Not surprisingly, when she arrives there is both a Seth and Reuben in the household who early impressions suggest will live entirely up to her fears. Father Amos is a hell fire and brimstone preacher, mother Judith is constantly grieving over Seth, Elfine runs wild across the hills and Aunt Ada Doom masterly keeps the entire family in her control by pretending madness whenever necessary.

Rather than being depressed about the problems of the household, Flora sets about to fix them all. She wants to make Elfine a lady and marry her off, Amos to get out the way by going on a preaching tour, and Seth to learn some manners and control. There is a local writer who is determined to fall in love with Flora and keeps describing all the local fecundity in an attempt to woo her.

Gibbons starts the book with an imaginary letter to a friend editor, introducing her novel. What is charming here is the way she indicates that she has asterisked certain passages (like a travel guide would) so the reader, or indeed an book reviewer, would know they were onto something really impressive. In reading the novel, the location of an asterisk meant you were about to read a particularly florid description of something:
“Dawn crept over the Downs like a sinister white animal, followed by the snarling cries of a wind eating its way between the black boughs of the thorns. The wind was the furious voice of this sluggish animal light that was baring the dormers and mullions and scullions of Cold Comfort Farm.”
Things like this, plus the impossible descriptions of the farmhouse and the cow’s names (Aimless, Graceless, Feckless and Pointless with the bull Big Business) help to note much of it is meant to be lighthearted. This is further demonstrated by the tidy way everything works out, and how two mysteries raised throughout the book are never solved.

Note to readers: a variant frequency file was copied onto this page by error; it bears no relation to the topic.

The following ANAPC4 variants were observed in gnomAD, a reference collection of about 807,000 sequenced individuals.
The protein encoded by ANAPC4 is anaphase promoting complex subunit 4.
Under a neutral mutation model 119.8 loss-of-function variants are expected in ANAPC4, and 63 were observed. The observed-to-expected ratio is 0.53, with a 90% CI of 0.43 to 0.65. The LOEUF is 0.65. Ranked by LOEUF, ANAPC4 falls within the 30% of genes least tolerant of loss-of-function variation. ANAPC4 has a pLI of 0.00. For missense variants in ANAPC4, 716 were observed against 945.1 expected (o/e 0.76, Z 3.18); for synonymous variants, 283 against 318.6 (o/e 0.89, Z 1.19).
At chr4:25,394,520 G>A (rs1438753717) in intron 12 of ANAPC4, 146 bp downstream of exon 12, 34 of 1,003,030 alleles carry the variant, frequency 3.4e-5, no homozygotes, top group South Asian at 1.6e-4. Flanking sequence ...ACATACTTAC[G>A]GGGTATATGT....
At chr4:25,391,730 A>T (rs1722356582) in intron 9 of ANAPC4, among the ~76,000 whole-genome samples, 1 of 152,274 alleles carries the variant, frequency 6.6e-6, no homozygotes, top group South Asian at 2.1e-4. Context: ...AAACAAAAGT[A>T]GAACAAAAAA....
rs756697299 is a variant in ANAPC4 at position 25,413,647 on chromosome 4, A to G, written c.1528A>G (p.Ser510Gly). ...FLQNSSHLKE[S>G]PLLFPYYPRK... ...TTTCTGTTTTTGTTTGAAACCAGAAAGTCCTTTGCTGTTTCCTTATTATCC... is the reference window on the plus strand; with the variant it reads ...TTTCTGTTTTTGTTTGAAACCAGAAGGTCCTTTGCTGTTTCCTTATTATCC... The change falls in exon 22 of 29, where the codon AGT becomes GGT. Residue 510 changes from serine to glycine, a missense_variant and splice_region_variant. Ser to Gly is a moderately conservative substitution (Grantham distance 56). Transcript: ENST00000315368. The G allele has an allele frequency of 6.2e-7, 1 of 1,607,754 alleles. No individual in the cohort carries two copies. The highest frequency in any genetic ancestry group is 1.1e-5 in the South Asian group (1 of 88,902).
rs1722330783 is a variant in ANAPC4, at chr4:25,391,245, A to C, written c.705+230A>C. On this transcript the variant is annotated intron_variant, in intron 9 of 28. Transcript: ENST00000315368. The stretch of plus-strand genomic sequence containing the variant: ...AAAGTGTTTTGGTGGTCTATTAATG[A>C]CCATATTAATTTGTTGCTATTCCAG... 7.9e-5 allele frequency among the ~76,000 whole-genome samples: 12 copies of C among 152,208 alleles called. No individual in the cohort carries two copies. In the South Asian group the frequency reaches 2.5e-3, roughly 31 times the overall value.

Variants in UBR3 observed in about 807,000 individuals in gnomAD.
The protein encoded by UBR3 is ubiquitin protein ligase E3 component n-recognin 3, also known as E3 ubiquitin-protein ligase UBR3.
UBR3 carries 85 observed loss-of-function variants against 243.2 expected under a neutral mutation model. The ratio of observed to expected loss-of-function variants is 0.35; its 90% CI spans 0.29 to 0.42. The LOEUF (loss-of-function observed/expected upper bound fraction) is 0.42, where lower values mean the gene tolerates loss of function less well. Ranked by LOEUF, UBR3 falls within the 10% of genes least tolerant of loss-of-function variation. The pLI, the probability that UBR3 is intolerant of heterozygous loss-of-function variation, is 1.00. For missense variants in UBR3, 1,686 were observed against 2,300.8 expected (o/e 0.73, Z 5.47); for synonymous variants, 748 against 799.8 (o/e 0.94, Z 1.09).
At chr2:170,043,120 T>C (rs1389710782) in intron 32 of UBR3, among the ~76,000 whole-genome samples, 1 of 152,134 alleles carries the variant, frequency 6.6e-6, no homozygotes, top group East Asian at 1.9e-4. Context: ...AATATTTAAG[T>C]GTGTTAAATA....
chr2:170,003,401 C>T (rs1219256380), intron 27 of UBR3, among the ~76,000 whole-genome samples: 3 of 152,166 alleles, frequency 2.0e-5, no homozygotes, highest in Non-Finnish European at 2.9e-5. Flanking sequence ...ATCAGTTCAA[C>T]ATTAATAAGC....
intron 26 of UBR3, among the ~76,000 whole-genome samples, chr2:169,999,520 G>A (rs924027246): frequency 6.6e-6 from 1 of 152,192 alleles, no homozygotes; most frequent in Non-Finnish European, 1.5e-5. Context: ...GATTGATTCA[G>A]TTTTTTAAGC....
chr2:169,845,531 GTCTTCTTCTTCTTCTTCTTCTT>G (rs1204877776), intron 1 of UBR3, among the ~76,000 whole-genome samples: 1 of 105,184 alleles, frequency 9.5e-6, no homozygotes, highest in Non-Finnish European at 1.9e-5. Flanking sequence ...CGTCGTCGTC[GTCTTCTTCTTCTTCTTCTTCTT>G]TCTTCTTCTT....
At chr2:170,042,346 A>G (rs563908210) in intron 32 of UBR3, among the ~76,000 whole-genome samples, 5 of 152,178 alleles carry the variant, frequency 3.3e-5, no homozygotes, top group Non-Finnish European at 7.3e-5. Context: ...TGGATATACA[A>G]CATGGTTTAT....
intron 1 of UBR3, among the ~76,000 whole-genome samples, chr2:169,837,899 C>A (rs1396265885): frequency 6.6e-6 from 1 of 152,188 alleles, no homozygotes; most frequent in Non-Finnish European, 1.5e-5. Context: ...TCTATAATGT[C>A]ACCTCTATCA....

For modern readers it may seem gentle and somewhat simple, even though quite amusing. I think many of us would not get most of the references. I read an review by Lynne Truss (author of Eats Shoots and Leaves) and that helped me see that some of what I had taken as real was all made up or designed to be irony or satire. Good to learn these things!

It was an enjoyable read and pushed me to continue reading older English books. I even turned to the DVD adaptation from 1995 with Kate Beckinsale and Joanna Lumley, which while enjoyable would probably only interest those who had read the book.

Friday, February 22, 2019

Everything I've Never Said

Everything I’ve never said, Samantha Wheeler

This great tween book is about Ava, an 11 year old girl with Rett Syndrome, which means she cannot speak, move her head or feed herself, and has very limited muscle control. She adores her big sister Nic and her parents, but is also aware that they don’t really know her or what she is thinking because she can’t express herself.

School is a constant frustration because the teacher thinks Ava should be able to point to various communication cards, but Ava can’t get her body to do it right. When pushed really hard or overstimulated she screams uncontrollably or pinches, all the while longing to be able to express herself in ways people understand. When circumstances mean that another member of her family also can no longer communicate, people around Ava start searching harder for a solution to help her talk.

It is a heartfelt book, expressing what is must be like to be trapped with your own thoughts in a body that won’t do what you want it to. Author Samantha Wheeler has a daughter with Rett Syndrome so she is writing from personal experience and it shows. There are some wonderful characters who help with children with disabilities, and also people who clearly shouldn’t. She expresses the frustration of dealing with disability services (this book is based in Queensland) and trying to get the assessments needed to qualify for assistance.

In many ways there are very similar parallels to Out of My Mind but in an Australian context. Highly recommended reading for anyone age 9-10 right through to adults.

Monday, February 18, 2019

How to Stop Time

How to Stop Time, Matt Haig

I really liked this story of a man who seemingly does not age, or rather he ages very slowly so that one of his years is equivalent to 15 normal human years.